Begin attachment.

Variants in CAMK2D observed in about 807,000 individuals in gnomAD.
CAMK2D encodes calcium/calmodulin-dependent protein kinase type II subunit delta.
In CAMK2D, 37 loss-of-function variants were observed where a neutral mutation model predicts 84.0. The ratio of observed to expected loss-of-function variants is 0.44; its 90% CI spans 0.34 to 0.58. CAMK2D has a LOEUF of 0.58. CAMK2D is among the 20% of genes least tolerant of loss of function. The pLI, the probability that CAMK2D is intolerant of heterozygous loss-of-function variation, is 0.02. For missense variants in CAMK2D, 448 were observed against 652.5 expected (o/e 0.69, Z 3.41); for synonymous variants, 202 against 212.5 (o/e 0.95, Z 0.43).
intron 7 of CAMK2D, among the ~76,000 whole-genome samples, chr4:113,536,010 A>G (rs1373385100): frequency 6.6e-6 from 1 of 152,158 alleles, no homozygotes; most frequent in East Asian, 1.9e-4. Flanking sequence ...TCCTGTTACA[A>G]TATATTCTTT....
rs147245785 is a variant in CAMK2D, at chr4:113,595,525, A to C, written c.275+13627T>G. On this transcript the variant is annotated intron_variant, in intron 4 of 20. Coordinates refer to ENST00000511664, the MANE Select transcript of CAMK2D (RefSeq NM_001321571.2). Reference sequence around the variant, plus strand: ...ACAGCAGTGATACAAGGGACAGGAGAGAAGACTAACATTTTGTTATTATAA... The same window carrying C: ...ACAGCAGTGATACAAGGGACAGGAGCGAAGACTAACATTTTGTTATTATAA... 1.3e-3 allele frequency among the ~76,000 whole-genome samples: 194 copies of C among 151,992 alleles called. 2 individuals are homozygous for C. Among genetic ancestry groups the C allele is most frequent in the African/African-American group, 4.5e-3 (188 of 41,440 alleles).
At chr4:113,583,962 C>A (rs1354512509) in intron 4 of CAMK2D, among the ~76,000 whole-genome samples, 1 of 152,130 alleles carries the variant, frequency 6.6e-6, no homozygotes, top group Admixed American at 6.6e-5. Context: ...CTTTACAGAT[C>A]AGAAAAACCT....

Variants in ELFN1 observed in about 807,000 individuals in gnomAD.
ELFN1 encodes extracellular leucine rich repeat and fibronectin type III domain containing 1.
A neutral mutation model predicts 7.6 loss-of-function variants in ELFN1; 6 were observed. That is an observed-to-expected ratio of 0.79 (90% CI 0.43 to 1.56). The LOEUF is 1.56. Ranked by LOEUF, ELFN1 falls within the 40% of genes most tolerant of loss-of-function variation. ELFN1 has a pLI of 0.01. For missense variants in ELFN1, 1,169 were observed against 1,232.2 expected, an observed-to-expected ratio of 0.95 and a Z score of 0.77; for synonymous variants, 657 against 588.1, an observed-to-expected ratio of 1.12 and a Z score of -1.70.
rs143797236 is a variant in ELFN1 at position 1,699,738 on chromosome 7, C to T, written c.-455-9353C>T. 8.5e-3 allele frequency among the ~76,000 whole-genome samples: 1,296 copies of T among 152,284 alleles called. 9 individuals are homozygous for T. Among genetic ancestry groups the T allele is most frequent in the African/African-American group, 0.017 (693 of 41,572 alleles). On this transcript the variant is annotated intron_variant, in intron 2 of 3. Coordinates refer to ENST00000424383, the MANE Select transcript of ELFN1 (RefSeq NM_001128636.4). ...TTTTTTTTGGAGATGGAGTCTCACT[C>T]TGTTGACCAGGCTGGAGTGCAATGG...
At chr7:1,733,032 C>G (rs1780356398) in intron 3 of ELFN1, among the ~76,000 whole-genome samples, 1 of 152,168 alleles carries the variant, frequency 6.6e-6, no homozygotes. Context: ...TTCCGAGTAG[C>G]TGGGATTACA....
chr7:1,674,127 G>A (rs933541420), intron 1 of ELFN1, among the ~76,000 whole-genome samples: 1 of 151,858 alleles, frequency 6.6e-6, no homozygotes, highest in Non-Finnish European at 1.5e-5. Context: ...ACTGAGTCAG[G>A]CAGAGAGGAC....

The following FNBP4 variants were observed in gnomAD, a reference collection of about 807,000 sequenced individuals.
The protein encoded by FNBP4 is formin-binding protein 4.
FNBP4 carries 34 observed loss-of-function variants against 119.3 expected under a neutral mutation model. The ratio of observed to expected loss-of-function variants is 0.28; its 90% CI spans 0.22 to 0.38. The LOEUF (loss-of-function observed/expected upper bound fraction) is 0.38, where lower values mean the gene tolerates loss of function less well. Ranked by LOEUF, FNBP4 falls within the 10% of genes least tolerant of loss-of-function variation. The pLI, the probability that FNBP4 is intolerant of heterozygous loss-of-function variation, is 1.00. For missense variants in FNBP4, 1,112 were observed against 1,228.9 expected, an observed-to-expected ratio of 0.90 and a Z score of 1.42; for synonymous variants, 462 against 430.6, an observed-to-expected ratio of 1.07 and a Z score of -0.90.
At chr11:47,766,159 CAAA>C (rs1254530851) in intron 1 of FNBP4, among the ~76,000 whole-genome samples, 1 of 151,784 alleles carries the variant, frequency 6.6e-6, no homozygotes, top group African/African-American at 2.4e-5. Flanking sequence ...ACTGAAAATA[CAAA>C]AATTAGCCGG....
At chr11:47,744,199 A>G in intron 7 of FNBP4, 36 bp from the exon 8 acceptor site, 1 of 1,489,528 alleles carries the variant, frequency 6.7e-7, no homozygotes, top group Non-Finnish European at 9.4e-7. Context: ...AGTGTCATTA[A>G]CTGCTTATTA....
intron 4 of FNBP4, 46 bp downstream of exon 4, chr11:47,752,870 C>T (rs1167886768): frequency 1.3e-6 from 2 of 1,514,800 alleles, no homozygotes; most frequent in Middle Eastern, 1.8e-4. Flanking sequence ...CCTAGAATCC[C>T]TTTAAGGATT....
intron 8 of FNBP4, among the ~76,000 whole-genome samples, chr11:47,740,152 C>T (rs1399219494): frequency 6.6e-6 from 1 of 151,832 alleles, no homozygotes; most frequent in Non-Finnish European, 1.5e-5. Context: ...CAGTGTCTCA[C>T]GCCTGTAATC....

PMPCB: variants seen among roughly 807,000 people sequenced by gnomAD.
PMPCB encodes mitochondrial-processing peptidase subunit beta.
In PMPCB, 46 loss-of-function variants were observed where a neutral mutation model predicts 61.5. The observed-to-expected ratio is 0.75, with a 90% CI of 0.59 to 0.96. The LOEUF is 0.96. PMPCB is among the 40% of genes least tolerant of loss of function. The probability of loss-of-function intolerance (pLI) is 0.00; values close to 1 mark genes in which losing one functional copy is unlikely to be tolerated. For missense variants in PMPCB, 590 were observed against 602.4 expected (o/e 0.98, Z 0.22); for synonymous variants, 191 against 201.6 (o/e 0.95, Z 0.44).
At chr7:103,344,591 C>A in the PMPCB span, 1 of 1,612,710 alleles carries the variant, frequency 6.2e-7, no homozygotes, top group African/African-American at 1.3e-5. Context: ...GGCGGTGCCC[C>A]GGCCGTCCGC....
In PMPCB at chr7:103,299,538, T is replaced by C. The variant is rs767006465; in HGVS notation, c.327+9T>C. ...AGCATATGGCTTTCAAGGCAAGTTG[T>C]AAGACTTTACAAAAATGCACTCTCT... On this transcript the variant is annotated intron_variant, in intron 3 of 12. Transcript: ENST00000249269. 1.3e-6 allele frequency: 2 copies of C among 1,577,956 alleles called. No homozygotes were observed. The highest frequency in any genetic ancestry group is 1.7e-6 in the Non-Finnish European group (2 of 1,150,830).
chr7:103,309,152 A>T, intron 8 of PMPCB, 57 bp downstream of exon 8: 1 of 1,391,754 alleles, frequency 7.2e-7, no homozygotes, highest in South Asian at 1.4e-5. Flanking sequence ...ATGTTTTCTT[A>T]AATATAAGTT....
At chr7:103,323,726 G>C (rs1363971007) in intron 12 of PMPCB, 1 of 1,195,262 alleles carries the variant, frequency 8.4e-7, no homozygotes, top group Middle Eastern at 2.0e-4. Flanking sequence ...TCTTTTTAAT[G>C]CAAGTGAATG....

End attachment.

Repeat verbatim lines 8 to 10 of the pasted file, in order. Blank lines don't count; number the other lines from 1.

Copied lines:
ELFN1 encodes extracellular leucine rich repeat and fibronectin type III domain containing 1.
A neutral mutation model predicts 7.6 loss-of-function variants in ELFN1; 6 were observed. That is an observed-to-expected ratio of 0.79 (90% CI 0.43 to 1.56). The LOEUF is 1.56. Ranked by LOEUF, ELFN1 falls within the 40% of genes most tolerant of loss-of-function variation. ELFN1 has a pLI of 0.01. For missense variants in ELFN1, 1,169 were observed against 1,232.2 expected, an observed-to-expected ratio of 0.95 and a Z score of 0.77; for synonymous variants, 657 against 588.1, an observed-to-expected ratio of 1.12 and a Z score of -1.70.
rs143797236 is a variant in ELFN1 at position 1,699,738 on chromosome 7, C to T, written c.-455-9353C>T. 8.5e-3 allele frequency among the ~76,000 whole-genome samples: 1,296 copies of T among 152,284 alleles called. 9 individuals are homozygous for T. Among genetic ancestry groups the T allele is most frequent in the African/African-American group, 0.017 (693 of 41,572 alleles). On this transcript the variant is annotated intron_variant, in intron 2 of 3. Coordinates refer to ENST00000424383, the MANE Select transcript of ELFN1 (RefSeq NM_001128636.4). ...TTTTTTTTGGAGATGGAGTCTCACT[C>T]TGTTGACCAGGCTGGAGTGCAATGG...